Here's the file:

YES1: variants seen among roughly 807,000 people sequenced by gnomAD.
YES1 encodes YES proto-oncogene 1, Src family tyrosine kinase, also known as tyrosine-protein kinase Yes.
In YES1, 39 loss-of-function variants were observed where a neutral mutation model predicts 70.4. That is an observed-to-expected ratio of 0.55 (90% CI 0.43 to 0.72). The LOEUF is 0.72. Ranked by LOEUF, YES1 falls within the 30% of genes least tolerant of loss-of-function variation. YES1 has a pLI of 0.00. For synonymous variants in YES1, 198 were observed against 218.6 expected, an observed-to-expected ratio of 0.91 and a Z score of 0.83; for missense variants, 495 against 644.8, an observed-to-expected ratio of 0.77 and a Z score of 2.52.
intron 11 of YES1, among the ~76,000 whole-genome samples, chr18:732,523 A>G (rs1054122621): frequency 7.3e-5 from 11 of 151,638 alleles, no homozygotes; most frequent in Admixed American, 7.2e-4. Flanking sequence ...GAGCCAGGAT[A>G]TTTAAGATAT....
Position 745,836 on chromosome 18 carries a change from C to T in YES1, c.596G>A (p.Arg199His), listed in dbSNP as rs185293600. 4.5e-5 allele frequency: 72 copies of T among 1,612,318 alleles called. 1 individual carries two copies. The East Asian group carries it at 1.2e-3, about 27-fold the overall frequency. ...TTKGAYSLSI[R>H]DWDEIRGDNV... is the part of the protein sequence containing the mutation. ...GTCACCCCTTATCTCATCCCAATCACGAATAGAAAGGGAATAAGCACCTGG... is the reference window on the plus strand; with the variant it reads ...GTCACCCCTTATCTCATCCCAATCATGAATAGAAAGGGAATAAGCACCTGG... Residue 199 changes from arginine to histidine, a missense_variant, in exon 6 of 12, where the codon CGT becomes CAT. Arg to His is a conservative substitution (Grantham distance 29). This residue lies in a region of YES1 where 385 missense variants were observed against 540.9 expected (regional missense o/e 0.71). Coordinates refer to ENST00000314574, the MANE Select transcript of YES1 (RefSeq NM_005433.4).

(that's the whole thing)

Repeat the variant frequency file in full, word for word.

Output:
YES1: variants seen among roughly 807,000 people sequenced by gnomAD.
YES1 encodes YES proto-oncogene 1, Src family tyrosine kinase, also known as tyrosine-protein kinase Yes.
In YES1, 39 loss-of-function variants were observed where a neutral mutation model predicts 70.4. That is an observed-to-expected ratio of 0.55 (90% CI 0.43 to 0.72). The LOEUF is 0.72. Ranked by LOEUF, YES1 falls within the 30% of genes least tolerant of loss-of-function variation. YES1 has a pLI of 0.00. For synonymous variants in YES1, 198 were observed against 218.6 expected, an observed-to-expected ratio of 0.91 and a Z score of 0.83; for missense variants, 495 against 644.8, an observed-to-expected ratio of 0.77 and a Z score of 2.52.
intron 11 of YES1, among the ~76,000 whole-genome samples, chr18:732,523 A>G (rs1054122621): frequency 7.3e-5 from 11 of 151,638 alleles, no homozygotes; most frequent in Admixed American, 7.2e-4. Flanking sequence ...GAGCCAGGAT[A>G]TTTAAGATAT....
Position 745,836 on chromosome 18 carries a change from C to T in YES1, c.596G>A (p.Arg199His), listed in dbSNP as rs185293600. 4.5e-5 allele frequency: 72 copies of T among 1,612,318 alleles called. 1 individual carries two copies. The East Asian group carries it at 1.2e-3, about 27-fold the overall frequency. ...TTKGAYSLSI[R>H]DWDEIRGDNV... is the part of the protein sequence containing the mutation. ...GTCACCCCTTATCTCATCCCAATCACGAATAGAAAGGGAATAAGCACCTGG... is the reference window on the plus strand; with the variant it reads ...GTCACCCCTTATCTCATCCCAATCATGAATAGAAAGGGAATAAGCACCTGG... Residue 199 changes from arginine to histidine, a missense_variant, in exon 6 of 12, where the codon CGT becomes CAT. Arg to His is a conservative substitution (Grantham distance 29). This residue lies in a region of YES1 where 385 missense variants were observed against 540.9 expected (regional missense o/e 0.71). Coordinates refer to ENST00000314574, the MANE Select transcript of YES1 (RefSeq NM_005433.4).